LTC Bullet:  What States Should Do About the DRA, LTCi and HEC 

Tuesday, October 3, 2006 


LTC Comment:  New report by Steve Moses from the Flint Hills Center for Public Policy is a guidepost for states on DRA implementation, Medicaid savings, and private LTC financing growth.  Details after the ***news.*** 

*** WE'RE BACK.  The Center for Long-Term Care Reform's late Summer break is over.  Maybe you noticed we're a day late returning.  Damon, our VP for Admin. and the publisher of these e-pistles, was delayed two nights--and put up in nice hotels--by Air Canada, due to its difficulty returning him from Brazil.  Where, by the way, he celebrated his 30th birthday by hang-gliding off a cliff in Rio.  By comparison, my and my wife's adventures were tame:  Singapore, Melaka and Koala Lumpur, Malaysia, ending on the island of Tioman in the South China Sea for two nights.  But we're home, rested and ready, so here goes. *** 



LTC Comment:  The Flint Hills Center for Public Policy, a small think tank in Wichita, Kansas, is a dynamo of analysis and activism on Medicaid.  Its adjunct scholars, including Matt Hisrich and Michael Bond of the Buckeye Institute in Ohio and historian Greg Schneider, have published dozens of op-eds, articles, and reports on Medicaid reform.  Flint Hills' long and detailed "Medicaid Handbook," distributed to all state legislators and the media, is a treasure chest of information, analysis and advice available at

Now add another arrow to Flint Hills' Medicaid quiver.  Following below are the press release and executive summary of a new report titled "Plain(s) Talk on Medicaid and Long-Term Care Financing in Kansas:  A Case Study of Medicaid and LTC Financing in Kansas."  Read it at  This study, funded with help from a grant by the Milbank Foundation for Rehabilitation, was directed by the Center for Long-Term Care Reform and authored by Center president Stephen Moses.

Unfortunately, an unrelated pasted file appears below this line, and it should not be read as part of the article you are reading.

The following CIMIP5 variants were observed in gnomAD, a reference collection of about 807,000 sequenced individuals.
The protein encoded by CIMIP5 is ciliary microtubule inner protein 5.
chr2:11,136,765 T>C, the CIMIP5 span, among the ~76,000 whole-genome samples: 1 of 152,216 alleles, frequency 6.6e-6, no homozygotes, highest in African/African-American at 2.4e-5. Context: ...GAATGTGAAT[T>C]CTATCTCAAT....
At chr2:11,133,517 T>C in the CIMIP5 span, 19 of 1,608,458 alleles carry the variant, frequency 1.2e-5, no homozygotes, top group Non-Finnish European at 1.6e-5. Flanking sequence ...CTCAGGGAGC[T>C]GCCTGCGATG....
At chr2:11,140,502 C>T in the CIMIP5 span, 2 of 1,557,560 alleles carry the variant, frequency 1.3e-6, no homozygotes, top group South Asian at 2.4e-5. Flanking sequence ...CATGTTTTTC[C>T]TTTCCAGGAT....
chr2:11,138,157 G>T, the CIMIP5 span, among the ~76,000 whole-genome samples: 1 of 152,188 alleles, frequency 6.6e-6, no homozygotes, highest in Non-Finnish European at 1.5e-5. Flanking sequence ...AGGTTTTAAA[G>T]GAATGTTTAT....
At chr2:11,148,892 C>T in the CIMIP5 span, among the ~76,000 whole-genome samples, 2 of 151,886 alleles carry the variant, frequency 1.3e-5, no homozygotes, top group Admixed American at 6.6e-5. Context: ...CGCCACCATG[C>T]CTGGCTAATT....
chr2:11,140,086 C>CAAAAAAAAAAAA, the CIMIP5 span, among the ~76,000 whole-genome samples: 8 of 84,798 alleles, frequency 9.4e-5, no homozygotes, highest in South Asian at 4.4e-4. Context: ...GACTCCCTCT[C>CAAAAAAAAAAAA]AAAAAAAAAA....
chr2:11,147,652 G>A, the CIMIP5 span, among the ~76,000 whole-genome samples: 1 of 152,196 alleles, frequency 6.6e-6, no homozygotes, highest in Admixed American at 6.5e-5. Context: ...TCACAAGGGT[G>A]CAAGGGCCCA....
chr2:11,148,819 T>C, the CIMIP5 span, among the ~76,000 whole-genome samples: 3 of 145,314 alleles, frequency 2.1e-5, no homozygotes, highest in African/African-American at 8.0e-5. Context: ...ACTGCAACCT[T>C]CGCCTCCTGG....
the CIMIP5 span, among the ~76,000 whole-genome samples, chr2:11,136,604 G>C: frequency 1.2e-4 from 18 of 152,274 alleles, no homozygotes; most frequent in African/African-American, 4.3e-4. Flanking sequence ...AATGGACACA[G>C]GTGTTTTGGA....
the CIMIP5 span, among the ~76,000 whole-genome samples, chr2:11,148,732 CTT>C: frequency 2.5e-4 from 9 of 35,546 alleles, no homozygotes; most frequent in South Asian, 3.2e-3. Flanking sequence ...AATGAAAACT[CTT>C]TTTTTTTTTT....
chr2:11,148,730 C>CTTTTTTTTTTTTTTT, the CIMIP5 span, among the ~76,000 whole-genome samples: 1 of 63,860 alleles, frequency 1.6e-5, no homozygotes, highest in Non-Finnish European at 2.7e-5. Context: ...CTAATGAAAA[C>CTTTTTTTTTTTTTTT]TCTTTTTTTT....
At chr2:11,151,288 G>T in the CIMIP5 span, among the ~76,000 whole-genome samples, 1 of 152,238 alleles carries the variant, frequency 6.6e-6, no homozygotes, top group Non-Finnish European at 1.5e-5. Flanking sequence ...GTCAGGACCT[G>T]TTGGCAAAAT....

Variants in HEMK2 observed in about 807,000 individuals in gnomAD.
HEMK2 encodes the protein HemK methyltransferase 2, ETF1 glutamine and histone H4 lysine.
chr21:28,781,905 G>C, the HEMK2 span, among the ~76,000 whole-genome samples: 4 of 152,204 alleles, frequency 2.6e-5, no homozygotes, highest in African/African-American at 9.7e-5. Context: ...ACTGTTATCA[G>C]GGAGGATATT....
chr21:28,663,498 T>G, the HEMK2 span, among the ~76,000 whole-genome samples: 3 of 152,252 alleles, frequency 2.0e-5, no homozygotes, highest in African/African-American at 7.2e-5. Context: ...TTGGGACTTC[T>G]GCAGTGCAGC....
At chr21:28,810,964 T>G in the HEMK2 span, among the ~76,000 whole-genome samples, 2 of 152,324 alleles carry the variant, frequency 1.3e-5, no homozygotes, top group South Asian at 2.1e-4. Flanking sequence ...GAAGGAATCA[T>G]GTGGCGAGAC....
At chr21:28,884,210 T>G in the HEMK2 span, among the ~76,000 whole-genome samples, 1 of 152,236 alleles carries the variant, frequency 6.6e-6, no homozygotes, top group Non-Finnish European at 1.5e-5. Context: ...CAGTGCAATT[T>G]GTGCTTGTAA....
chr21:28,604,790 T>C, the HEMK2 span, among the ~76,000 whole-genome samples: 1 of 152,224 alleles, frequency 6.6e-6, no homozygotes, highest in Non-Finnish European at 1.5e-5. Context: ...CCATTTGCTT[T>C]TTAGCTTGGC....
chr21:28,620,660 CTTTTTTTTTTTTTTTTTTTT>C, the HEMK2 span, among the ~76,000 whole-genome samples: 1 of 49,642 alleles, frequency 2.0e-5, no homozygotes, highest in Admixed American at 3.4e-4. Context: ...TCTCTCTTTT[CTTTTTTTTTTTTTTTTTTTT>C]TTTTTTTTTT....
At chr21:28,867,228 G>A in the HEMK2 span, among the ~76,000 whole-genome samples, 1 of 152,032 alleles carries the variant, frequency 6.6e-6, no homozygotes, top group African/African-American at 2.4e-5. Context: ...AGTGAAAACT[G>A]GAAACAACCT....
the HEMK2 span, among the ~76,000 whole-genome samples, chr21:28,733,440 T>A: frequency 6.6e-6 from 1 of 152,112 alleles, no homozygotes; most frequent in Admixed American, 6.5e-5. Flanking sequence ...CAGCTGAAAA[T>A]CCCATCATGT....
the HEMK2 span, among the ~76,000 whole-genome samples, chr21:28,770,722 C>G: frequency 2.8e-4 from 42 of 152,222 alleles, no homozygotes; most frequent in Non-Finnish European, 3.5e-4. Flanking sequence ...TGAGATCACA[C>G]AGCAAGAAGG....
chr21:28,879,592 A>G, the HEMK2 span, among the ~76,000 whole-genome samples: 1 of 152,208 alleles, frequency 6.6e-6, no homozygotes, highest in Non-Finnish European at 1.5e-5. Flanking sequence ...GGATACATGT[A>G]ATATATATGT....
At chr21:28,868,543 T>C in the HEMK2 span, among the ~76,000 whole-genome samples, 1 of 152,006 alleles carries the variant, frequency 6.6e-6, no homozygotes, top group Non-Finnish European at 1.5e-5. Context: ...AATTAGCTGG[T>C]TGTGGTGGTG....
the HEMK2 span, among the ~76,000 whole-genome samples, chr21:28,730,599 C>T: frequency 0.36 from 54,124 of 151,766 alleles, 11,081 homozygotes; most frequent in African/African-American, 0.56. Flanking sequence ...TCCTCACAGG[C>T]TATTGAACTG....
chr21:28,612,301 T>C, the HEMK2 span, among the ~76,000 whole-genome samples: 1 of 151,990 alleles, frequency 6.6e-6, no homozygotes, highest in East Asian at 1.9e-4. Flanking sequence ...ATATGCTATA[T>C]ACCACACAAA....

We thank Flint Hills' president George Pearson for pushing so hard for so long on Medicaid reform and for retaining the Center for this work.  Special thanks to Flint Hills Adjunct Scholar Professor Greg Schneider of Emporia State University for organizing the site visits, participating in the interviews, and publicizing the report through op-eds, talk radio, television appearances, and personal briefings for Kansas legislators and their staffs. 

If your first thought is "What can I learn from Kansas?," you have a very pleasant surprise coming on a whole range of issues at  



September 18, 2006
Contact: Greg Schneider, (316) 634-0218 

Plain(s) Talk on Medicaid in Kansas 

(WICHITA) – The Flint Hills Center for Public Policy announces the publication of a major new paper on the condition of Medicaid and Long Term Care in Kansas. 

“Plain(s) Talk on Medicaid and Long-Term Care Financing in Kansas” offers a powerful argument for reform of long term care financing in the state, arguing that continued Medicaid financing of the majority of LTC is unsustainable given the cresting demographic wave of the baby boom generation. Medicaid spending is projected to consume $2.7 billion of the Kansas budget in the 2007 fiscal year.

The Medicaid program, designed as a safety-net for those truly in need, currently funds an unsustainably high portion of LTC. Middle-and-upper-income Kansans can currently qualify for Medicaid LTC due to eligibility rules that undermine the program’s original intent. 

Stephen Moses argues instead for the use of untapped home equity and the purchase of long-term care insurance, policies which would encourage individual responsibility in the financing of long term care. Such changes will allow for limited state resources to be dedicated to the poor rather than to people who should save, invest, or insure for long-term care.